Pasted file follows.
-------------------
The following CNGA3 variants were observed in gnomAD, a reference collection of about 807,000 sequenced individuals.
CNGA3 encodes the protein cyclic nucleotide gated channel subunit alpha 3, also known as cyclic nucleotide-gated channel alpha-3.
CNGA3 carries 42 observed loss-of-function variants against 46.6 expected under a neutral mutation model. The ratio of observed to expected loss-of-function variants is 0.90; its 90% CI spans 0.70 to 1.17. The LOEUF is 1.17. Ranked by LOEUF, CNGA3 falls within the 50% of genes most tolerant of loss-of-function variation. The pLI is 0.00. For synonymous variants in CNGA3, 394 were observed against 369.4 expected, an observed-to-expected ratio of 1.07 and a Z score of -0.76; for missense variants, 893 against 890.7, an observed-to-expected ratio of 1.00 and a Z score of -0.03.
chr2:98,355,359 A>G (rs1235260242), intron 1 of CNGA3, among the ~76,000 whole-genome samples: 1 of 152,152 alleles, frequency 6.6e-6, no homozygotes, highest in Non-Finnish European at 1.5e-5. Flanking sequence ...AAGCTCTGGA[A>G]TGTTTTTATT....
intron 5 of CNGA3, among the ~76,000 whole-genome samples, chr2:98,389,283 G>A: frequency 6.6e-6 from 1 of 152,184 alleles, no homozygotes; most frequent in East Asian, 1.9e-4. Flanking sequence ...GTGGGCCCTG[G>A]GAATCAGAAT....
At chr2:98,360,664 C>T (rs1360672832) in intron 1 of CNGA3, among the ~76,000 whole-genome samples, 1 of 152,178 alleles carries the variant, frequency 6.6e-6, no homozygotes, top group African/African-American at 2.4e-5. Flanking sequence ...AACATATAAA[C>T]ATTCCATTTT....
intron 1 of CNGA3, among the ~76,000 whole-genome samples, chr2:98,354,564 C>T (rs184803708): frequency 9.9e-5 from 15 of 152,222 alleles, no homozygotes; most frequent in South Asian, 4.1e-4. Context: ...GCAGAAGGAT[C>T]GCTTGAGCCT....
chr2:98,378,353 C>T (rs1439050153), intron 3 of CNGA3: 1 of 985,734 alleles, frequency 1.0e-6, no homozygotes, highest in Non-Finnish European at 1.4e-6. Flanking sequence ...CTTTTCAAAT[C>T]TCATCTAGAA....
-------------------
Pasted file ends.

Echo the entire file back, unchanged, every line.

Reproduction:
The following CNGA3 variants were observed in gnomAD, a reference collection of about 807,000 sequenced individuals.
CNGA3 encodes the protein cyclic nucleotide gated channel subunit alpha 3, also known as cyclic nucleotide-gated channel alpha-3.
CNGA3 carries 42 observed loss-of-function variants against 46.6 expected under a neutral mutation model. The ratio of observed to expected loss-of-function variants is 0.90; its 90% CI spans 0.70 to 1.17. The LOEUF is 1.17. Ranked by LOEUF, CNGA3 falls within the 50% of genes most tolerant of loss-of-function variation. The pLI is 0.00. For synonymous variants in CNGA3, 394 were observed against 369.4 expected, an observed-to-expected ratio of 1.07 and a Z score of -0.76; for missense variants, 893 against 890.7, an observed-to-expected ratio of 1.00 and a Z score of -0.03.
chr2:98,355,359 A>G (rs1235260242), intron 1 of CNGA3, among the ~76,000 whole-genome samples: 1 of 152,152 alleles, frequency 6.6e-6, no homozygotes, highest in Non-Finnish European at 1.5e-5. Flanking sequence ...AAGCTCTGGA[A>G]TGTTTTTATT....
intron 5 of CNGA3, among the ~76,000 whole-genome samples, chr2:98,389,283 G>A: frequency 6.6e-6 from 1 of 152,184 alleles, no homozygotes; most frequent in East Asian, 1.9e-4. Flanking sequence ...GTGGGCCCTG[G>A]GAATCAGAAT....
At chr2:98,360,664 C>T (rs1360672832) in intron 1 of CNGA3, among the ~76,000 whole-genome samples, 1 of 152,178 alleles carries the variant, frequency 6.6e-6, no homozygotes, top group African/African-American at 2.4e-5. Flanking sequence ...AACATATAAA[C>T]ATTCCATTTT....
intron 1 of CNGA3, among the ~76,000 whole-genome samples, chr2:98,354,564 C>T (rs184803708): frequency 9.9e-5 from 15 of 152,222 alleles, no homozygotes; most frequent in South Asian, 4.1e-4. Context: ...GCAGAAGGAT[C>T]GCTTGAGCCT....
chr2:98,378,353 C>T (rs1439050153), intron 3 of CNGA3: 1 of 985,734 alleles, frequency 1.0e-6, no homozygotes, highest in Non-Finnish European at 1.4e-6. Flanking sequence ...CTTTTCAAAT[C>T]TCATCTAGAA....